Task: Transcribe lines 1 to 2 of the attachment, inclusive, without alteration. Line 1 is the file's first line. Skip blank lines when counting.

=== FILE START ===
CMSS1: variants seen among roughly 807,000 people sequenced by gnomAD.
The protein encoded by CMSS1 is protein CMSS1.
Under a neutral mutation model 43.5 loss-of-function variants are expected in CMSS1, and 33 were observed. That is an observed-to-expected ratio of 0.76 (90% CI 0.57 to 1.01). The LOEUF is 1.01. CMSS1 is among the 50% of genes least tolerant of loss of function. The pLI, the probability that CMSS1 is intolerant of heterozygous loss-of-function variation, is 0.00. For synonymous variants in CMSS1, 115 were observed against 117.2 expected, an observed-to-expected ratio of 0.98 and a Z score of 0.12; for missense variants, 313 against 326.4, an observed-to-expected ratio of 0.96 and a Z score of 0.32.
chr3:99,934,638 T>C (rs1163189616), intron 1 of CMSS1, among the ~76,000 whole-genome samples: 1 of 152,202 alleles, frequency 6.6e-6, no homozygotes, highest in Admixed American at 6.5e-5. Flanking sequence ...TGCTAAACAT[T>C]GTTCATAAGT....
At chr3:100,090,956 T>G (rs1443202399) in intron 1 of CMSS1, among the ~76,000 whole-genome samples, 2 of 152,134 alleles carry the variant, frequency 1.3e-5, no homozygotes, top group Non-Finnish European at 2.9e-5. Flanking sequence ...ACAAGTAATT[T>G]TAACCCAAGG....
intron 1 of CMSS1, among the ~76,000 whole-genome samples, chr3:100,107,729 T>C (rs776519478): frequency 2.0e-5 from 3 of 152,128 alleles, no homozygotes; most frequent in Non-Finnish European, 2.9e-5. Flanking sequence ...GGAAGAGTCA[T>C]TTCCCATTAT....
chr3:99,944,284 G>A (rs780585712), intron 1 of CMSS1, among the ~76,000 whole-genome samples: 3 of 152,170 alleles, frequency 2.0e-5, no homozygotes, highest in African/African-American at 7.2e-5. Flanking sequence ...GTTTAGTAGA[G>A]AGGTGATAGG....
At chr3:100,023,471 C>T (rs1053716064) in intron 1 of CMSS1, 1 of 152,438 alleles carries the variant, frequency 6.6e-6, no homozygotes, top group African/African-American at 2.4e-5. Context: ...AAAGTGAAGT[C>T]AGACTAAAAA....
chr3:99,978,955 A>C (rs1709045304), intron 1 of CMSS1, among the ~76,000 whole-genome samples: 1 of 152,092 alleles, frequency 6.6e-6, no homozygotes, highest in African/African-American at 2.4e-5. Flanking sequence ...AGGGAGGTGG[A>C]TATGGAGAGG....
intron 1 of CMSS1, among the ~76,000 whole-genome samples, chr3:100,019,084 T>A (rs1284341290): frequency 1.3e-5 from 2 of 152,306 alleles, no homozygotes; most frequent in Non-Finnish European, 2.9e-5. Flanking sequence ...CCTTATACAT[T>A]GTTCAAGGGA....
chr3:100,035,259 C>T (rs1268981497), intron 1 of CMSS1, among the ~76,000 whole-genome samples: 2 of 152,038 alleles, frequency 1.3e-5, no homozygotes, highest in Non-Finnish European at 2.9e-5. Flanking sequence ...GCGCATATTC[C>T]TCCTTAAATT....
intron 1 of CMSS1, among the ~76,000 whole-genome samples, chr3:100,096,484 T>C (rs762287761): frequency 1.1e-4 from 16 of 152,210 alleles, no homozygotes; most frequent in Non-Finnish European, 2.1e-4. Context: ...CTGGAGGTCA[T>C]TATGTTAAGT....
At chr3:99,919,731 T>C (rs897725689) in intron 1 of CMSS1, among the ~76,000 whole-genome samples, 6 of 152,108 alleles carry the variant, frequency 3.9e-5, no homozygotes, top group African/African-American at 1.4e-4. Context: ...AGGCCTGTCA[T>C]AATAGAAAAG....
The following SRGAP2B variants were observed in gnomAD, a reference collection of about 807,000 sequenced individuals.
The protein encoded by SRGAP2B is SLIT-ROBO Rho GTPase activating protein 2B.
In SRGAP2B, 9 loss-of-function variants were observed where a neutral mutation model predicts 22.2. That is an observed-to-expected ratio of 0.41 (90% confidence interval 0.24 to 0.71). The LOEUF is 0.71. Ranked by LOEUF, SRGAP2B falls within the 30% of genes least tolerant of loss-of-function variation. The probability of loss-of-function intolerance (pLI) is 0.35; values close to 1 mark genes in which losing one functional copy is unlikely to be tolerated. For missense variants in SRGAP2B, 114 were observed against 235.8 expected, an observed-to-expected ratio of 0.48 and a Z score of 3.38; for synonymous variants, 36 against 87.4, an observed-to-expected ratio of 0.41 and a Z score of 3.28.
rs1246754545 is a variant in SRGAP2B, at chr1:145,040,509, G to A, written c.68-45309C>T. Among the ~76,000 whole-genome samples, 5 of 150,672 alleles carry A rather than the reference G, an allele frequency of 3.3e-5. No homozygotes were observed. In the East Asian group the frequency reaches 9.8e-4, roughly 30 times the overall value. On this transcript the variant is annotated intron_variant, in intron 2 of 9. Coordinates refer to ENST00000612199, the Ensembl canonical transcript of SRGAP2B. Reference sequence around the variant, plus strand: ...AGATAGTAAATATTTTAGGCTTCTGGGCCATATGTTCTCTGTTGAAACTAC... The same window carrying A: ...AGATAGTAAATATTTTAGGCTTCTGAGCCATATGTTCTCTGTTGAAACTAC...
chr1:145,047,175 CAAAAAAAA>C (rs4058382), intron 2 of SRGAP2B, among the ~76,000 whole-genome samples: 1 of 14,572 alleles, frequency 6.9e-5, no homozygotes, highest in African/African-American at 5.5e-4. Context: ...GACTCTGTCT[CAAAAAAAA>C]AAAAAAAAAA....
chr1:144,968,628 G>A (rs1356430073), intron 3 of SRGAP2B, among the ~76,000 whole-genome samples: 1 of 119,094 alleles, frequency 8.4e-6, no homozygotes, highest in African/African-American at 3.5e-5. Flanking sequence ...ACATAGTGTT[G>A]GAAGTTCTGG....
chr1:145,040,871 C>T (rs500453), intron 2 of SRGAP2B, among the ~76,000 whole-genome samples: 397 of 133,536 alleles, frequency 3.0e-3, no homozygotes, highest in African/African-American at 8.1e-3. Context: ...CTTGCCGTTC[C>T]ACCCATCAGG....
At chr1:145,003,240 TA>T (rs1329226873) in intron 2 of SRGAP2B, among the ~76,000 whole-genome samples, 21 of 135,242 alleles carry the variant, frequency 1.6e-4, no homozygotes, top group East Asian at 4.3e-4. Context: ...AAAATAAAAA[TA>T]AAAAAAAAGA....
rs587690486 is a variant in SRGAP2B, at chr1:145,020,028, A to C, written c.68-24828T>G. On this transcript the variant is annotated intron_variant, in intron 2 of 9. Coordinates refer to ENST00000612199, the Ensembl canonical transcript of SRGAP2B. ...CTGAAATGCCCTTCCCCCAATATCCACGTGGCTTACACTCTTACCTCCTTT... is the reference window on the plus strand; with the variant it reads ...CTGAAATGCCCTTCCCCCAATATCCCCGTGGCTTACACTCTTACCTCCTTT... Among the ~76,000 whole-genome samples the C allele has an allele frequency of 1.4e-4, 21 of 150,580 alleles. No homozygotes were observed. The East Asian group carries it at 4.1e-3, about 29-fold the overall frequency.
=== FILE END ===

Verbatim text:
CMSS1: variants seen among roughly 807,000 people sequenced by gnomAD.
The protein encoded by CMSS1 is protein CMSS1.